BEIRUT, Lebanon — Fighters from the fastest-growing al-Qaida franchise in Syria have repeatedly clashed with other rebel brigades, seizing towns, replacing crosses on churches with black flags and holding classes to teach Syrian children to battle "infidels," meaning anyone who is not a Sunni Muslim.
Since the Islamic State in Iraq and Syria, or ISIS, announced its presence in Syria this year, it has emerged as the leading force for the foreign fighters streaming into the country, exploiting the chaos of the civil war as it tries to lay the groundwork for an Islamic state.
"They want to carve out a jihadi state or a jihadi territory and obviously anything above that is gravy, like overthrowing the Assad regime," said Bruce Hoffman, director of the Center for Security Studies at Georgetown University. "I don't think they have ambitions of taking over the entire country, although they'd be happy to."
While the Syrian rebels initially welcomed the group as a powerful ally in the civil war against President Bashar Assad, many now resent it for putting its international jihadist agenda ahead of toppling the government. Antigovernment activists say they detest the group's brutality and imposition of strict social codes, and even other Islamist rebels say the struggle's focus should be on leadership change.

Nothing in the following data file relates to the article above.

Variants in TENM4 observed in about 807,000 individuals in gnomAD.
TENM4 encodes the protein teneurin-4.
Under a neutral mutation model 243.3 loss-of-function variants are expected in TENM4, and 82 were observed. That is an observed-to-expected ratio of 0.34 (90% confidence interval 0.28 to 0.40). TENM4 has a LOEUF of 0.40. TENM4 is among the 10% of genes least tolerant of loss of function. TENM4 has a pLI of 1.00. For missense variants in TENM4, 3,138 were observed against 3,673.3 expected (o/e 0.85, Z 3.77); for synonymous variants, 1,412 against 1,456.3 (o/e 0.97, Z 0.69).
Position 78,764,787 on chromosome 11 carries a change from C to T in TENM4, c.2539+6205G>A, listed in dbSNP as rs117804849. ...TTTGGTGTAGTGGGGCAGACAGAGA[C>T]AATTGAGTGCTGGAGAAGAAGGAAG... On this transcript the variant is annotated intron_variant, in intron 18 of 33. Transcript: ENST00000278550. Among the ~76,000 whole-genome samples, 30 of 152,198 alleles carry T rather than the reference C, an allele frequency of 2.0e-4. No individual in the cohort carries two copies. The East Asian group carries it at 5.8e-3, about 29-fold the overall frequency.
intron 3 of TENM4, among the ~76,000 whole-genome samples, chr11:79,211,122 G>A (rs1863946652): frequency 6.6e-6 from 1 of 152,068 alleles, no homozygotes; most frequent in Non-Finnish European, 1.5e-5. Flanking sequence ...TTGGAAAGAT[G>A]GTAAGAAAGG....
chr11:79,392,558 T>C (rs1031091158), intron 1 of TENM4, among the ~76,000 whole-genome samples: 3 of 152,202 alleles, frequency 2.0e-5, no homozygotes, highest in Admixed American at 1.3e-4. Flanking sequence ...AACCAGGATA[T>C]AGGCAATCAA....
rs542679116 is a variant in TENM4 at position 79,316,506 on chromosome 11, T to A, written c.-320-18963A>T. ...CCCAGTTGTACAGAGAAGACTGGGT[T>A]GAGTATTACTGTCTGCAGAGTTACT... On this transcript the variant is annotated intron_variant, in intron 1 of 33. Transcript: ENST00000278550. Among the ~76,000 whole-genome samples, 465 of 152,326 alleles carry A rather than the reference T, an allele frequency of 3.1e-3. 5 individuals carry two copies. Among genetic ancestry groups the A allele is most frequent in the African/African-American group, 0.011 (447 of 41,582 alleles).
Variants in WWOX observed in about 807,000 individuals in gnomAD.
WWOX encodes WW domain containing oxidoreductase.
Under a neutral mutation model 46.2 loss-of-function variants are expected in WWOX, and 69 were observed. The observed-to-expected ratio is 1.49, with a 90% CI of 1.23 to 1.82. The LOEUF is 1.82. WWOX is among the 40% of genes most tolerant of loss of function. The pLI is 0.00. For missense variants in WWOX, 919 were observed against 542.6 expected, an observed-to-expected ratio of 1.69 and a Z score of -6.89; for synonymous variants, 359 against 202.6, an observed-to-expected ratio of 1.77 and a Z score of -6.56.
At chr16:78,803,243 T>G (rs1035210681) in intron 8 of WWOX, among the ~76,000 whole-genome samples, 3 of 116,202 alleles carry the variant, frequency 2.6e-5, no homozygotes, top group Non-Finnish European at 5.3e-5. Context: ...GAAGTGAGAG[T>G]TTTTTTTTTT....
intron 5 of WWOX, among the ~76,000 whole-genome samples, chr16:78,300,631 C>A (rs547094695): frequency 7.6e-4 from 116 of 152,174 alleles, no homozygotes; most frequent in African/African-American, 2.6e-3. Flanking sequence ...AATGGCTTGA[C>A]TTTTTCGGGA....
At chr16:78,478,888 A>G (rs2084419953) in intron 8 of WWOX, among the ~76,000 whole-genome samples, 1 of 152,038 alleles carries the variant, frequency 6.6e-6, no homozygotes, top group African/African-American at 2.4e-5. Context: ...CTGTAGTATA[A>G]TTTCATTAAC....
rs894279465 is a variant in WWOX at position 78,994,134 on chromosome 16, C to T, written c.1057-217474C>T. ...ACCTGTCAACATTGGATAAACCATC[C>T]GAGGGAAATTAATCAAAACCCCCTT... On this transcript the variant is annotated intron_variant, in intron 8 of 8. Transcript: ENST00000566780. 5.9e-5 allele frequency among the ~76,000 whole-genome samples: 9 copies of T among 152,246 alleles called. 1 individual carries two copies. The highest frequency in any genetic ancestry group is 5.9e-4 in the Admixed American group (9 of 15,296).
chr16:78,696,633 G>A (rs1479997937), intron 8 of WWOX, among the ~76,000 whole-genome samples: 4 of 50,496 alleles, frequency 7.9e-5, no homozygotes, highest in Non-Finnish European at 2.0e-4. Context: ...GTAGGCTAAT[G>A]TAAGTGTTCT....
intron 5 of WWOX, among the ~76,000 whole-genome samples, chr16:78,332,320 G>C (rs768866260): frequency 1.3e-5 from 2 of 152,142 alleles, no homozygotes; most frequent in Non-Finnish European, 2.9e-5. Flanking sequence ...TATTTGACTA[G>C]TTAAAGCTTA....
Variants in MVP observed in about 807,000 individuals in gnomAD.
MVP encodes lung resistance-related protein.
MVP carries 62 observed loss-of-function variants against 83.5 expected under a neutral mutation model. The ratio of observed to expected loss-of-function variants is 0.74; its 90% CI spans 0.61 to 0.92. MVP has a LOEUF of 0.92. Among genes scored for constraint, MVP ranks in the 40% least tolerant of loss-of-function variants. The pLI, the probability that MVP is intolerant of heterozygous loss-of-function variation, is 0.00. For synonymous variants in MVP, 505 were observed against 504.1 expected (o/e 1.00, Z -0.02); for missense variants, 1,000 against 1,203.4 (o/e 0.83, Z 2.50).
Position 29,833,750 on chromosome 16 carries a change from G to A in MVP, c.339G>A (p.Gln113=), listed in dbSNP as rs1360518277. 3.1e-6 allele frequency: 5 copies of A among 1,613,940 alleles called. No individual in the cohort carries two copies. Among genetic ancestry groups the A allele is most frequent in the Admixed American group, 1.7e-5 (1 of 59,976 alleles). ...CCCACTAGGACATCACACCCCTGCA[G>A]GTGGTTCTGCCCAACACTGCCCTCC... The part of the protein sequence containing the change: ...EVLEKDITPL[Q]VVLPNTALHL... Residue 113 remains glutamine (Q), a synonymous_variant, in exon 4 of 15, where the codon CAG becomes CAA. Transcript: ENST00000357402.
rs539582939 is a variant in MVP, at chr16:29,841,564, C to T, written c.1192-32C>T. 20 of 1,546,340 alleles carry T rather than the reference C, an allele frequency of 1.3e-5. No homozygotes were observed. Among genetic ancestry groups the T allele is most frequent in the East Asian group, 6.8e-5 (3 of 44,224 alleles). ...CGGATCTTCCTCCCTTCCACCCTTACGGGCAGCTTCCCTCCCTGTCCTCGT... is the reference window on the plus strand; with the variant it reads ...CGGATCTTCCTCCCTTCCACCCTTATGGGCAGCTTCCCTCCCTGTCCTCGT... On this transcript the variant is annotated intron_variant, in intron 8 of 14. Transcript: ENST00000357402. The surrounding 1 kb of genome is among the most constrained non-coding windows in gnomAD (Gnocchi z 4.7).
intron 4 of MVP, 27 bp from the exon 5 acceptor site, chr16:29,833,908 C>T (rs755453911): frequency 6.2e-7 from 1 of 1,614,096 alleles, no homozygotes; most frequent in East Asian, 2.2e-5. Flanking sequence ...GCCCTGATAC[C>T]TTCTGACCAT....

The tensions have set off frequent fighting between rebel groups that has undermined the effort to combat the government and could complicate efforts to dispose of Syria's chemical weapons. An advance team from the Organization for the Prohibition of Chemical Weapons arrived in Damascus on Tuesday to discuss with Syrian officials the logistics of destroying the country's chemical arsenal. Officials from the group said keeping its personnel safe during a raging civil war would be extremely difficult.
An American official told the New York Times that ISIS was smaller than the first al-Qaida group to emerge in Syria, the Nusra Front, and a "tiny" part of the armed opposition, but that the group appears to be growing by attracting extreme foreign fighters.